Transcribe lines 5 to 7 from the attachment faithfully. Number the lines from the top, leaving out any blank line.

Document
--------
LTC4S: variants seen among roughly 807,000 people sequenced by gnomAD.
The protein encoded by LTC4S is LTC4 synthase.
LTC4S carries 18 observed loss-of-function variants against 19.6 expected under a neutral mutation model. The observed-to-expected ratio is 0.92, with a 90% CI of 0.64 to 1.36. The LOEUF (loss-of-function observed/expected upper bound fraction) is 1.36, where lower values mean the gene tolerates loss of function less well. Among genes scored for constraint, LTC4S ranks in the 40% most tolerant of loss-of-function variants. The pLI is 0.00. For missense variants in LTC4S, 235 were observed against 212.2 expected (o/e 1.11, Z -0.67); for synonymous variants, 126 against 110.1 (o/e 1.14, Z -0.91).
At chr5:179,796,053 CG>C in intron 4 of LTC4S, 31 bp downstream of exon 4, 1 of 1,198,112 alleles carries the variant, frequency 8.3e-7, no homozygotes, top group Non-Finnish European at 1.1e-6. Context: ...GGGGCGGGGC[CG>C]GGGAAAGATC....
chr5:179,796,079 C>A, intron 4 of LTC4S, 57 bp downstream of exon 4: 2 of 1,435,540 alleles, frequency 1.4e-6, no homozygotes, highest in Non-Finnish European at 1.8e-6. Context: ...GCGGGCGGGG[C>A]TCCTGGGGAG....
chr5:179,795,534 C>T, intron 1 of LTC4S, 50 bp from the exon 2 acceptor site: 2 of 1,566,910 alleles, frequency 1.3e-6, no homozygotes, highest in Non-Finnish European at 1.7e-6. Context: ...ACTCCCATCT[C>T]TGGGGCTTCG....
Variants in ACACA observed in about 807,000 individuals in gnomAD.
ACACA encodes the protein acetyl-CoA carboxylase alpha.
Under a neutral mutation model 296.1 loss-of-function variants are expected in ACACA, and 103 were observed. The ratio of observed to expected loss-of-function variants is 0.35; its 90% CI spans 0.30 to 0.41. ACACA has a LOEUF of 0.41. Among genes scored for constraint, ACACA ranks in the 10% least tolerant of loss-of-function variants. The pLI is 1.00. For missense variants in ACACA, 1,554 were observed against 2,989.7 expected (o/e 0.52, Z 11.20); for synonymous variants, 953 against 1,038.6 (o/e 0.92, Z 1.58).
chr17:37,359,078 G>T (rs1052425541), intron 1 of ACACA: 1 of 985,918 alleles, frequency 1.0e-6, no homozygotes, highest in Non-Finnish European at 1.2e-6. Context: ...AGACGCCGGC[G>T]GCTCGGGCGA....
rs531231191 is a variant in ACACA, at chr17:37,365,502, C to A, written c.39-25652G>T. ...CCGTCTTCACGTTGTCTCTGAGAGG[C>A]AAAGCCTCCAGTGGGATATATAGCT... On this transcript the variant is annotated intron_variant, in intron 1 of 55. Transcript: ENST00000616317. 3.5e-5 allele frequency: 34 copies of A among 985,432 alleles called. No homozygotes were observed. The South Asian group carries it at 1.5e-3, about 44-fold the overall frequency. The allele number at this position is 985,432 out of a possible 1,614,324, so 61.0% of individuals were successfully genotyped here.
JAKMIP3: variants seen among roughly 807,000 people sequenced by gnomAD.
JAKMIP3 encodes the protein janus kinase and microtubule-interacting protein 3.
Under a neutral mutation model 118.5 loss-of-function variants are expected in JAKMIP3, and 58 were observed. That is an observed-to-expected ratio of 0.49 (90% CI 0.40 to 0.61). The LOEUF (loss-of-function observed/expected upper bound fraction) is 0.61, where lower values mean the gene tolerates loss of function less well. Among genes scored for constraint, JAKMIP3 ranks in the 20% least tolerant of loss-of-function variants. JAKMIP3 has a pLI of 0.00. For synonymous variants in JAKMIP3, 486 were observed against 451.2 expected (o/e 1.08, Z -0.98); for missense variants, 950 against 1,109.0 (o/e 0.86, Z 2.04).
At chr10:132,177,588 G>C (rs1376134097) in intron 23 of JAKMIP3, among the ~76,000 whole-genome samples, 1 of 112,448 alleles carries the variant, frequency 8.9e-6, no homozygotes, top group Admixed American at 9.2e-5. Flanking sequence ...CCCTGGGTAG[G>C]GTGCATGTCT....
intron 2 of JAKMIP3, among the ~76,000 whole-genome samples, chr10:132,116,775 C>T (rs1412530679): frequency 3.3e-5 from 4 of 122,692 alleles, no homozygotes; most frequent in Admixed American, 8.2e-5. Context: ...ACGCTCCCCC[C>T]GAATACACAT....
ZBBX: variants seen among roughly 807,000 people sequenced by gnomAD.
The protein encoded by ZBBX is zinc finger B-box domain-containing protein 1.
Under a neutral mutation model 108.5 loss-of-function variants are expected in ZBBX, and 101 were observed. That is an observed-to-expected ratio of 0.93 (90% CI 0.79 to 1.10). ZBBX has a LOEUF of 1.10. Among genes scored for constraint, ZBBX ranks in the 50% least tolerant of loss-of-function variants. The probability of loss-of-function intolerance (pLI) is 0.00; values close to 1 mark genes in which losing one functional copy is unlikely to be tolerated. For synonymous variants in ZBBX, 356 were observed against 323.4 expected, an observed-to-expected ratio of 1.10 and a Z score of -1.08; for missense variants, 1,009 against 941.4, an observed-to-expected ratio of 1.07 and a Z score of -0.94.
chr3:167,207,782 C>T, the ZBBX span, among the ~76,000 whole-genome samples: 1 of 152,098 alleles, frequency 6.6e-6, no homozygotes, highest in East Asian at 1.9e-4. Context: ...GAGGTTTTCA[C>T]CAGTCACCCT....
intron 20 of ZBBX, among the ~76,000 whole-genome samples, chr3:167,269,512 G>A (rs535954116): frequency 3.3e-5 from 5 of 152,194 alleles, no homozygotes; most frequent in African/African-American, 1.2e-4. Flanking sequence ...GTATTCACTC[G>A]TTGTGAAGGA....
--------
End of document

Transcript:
chr5:179,796,079 C>A, intron 4 of LTC4S, 57 bp downstream of exon 4: 2 of 1,435,540 alleles, frequency 1.4e-6, no homozygotes, highest in Non-Finnish European at 1.8e-6. Context: ...GCGGGCGGGG[C>A]TCCTGGGGAG....
chr5:179,795,534 C>T, intron 1 of LTC4S, 50 bp from the exon 2 acceptor site: 2 of 1,566,910 alleles, frequency 1.3e-6, no homozygotes, highest in Non-Finnish European at 1.7e-6. Context: ...ACTCCCATCT[C>T]TGGGGCTTCG....
Variants in ACACA observed in about 807,000 individuals in gnomAD.